Potential complications can arise from the procedure or due to the device. Procedure-related death was reported to occur in 0.19% of cases and cardiac arrest in 0.24% of cases by the National Cardiovascular Data LAAO Registry.37 Major vascular complications occur peri-procedurally relatively more often than other complications, accounting for 0.15% according to the registry; this may be due to vein puncture or transseptal puncture, for example. The incidence of pericardial effusion has also decreased over time due to increased operator experience, with the most recent evidence indicating a tamponade incidence rate of about 1.3%.39,40 Concerning peri-procedural stroke events, ischaemic strokes accounted for 0.12% of cases and haemorrhagic accounted for 0.01% of cases.37 Strokes can be caused by device-related leaks, DRT and air embolism. Device embolization occurred in 0.07% of the patients included in the registry.37 Device erosion is a rare but devastating complication.
DRT aetiology is likely multifactorial and differs between patients.41 It is more common in patients with reduced left ventricular systolic function, larger LAAs, and higher CHA2DS2-VASc scores.19 It can occur late following LAAO, and a large number of patients recur and have it after successful resolution.42,43 DRT is clinically significant because its association with thromboembolic events is well established. Several studies have shown an increased incidence of stroke, systemic embolism, and death among patients with DRT.19,42,44,45 Several risk factors have been proposed to predict DRT;44,46 however, emerging concepts in DRT also include the possible role of the flow dynamics on thrombus formation and early detection of DRT precursors using cardiac computed tomography.47 Treatment is usually 6 weeks of OAC, and the extension of the treatment depends on bleeding risk and other contributing factors such as persistent device leak or spontaneous contrast in the left atrium.48,49 However, DRT is challenging in clinical practice as there are still several management issues, including the fact that most patients are not suitable for prolonged or intensified anticoagulation, the persistence of DRT in 20–25% of patients despite anticoagulation treatment, high recurrence rates and uncertainty of the management of different DRTs, especially with highly mobile or/and large thrombi.43–45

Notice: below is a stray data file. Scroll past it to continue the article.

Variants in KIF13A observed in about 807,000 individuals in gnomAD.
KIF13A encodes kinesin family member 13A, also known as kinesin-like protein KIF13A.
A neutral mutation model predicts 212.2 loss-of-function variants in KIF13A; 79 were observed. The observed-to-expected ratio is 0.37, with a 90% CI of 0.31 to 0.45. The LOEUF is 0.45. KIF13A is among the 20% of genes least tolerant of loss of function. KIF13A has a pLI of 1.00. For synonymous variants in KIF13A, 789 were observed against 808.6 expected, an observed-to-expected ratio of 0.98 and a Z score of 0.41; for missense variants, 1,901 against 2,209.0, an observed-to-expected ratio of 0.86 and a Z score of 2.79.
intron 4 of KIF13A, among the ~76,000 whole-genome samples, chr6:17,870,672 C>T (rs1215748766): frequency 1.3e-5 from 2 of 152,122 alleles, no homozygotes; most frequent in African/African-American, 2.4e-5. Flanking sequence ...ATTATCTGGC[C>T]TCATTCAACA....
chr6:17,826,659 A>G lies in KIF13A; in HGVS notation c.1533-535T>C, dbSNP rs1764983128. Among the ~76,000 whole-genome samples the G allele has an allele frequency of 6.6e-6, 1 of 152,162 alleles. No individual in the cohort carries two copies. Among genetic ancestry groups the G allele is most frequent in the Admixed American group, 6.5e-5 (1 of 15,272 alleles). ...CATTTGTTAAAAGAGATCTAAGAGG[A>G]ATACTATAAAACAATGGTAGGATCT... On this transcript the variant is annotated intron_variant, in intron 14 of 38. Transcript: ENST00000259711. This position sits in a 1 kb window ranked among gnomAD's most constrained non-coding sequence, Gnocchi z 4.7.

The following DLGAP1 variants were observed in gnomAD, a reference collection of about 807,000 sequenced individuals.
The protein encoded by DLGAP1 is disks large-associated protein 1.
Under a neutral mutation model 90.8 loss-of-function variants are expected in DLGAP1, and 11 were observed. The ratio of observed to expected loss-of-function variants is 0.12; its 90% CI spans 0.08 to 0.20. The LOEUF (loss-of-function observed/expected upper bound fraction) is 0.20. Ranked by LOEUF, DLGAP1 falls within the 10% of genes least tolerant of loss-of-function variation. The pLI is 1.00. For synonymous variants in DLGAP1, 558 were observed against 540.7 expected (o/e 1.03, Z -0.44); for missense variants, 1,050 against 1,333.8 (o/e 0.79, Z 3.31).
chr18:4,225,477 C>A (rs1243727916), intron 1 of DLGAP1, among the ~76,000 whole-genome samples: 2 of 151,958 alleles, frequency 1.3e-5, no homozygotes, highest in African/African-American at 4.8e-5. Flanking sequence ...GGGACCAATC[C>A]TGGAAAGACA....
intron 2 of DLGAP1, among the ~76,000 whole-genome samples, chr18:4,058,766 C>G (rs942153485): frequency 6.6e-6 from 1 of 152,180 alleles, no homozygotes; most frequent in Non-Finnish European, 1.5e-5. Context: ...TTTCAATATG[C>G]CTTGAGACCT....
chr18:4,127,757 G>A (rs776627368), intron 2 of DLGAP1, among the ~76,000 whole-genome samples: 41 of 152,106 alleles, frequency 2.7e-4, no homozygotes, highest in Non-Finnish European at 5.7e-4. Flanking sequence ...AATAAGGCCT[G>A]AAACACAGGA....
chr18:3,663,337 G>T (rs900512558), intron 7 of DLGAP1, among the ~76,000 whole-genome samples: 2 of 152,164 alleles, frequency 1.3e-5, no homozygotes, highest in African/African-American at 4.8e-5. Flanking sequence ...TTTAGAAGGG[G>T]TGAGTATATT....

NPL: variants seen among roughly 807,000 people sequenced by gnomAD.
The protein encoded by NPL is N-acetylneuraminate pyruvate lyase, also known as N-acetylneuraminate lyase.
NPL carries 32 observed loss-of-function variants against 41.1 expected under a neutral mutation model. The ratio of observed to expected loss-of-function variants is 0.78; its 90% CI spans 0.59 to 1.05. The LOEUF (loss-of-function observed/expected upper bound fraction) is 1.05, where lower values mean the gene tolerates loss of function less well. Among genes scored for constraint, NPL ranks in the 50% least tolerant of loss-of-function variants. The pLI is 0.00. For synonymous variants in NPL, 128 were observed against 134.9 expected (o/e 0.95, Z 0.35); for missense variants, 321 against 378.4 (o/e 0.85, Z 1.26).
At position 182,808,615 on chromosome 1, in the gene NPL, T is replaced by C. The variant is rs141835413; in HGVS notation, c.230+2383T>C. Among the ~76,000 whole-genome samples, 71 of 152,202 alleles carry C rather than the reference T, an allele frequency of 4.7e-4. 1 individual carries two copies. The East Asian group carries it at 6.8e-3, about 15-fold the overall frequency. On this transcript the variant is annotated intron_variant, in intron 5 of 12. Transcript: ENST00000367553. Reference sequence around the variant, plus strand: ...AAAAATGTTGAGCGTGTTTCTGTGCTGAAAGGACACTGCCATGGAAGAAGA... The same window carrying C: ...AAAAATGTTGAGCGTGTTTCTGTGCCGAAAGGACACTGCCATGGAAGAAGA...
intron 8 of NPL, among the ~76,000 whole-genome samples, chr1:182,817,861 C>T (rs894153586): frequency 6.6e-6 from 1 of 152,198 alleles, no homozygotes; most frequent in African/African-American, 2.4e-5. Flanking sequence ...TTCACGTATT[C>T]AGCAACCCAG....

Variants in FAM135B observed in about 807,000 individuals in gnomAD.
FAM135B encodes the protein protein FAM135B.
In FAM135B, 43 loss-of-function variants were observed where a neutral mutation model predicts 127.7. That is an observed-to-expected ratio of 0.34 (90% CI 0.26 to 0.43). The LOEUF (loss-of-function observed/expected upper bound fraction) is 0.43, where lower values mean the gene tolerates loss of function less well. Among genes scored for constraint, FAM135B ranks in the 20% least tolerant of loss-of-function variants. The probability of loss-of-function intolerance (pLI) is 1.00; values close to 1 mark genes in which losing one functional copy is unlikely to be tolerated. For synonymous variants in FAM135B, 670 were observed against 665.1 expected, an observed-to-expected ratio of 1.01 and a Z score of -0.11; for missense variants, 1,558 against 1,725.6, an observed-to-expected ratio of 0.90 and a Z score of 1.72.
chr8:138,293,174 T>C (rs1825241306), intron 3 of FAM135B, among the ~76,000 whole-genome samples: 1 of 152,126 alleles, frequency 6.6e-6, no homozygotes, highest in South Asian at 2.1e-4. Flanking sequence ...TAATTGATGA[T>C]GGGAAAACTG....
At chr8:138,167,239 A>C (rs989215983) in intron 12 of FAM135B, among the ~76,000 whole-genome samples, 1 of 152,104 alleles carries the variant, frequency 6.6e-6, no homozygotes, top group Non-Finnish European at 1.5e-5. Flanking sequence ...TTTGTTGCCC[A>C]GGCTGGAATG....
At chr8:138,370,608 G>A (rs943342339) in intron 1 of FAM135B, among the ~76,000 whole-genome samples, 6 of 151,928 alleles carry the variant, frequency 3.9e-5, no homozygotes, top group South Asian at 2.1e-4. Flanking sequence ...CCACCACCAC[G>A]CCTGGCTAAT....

Peridevice leak (PDL) incidence varies widely, as there is a lack of consensus on leak detection and classification methods.47 The cutoff of what is considered to be a PDL differs widely between studies. There are several limitations to studies assessing PDL effect on outcomes, such as the large sample size requirement (as the rates of stroke or systemic embolization post-LAAO are low), the variability in the definition of significant and nonsignificant leaks (e.g. >3 mm, >5 mm), the variation in the classification used in clinical practice, and the current treatment for large leaks being anticoagulation, which confounds the assessment of the impact of PDL.50,51 The management of PDL remains uncertain as the current literature is limited. In smaller PDLs, watchful waiting has been suggested.24,52,53 Closure of the PDLs has been studied and showed complete or near-complete obliteration with low complication rates; however, the long-term efficacy is currently unknown.51,54–57
Contraindications to anticoagulation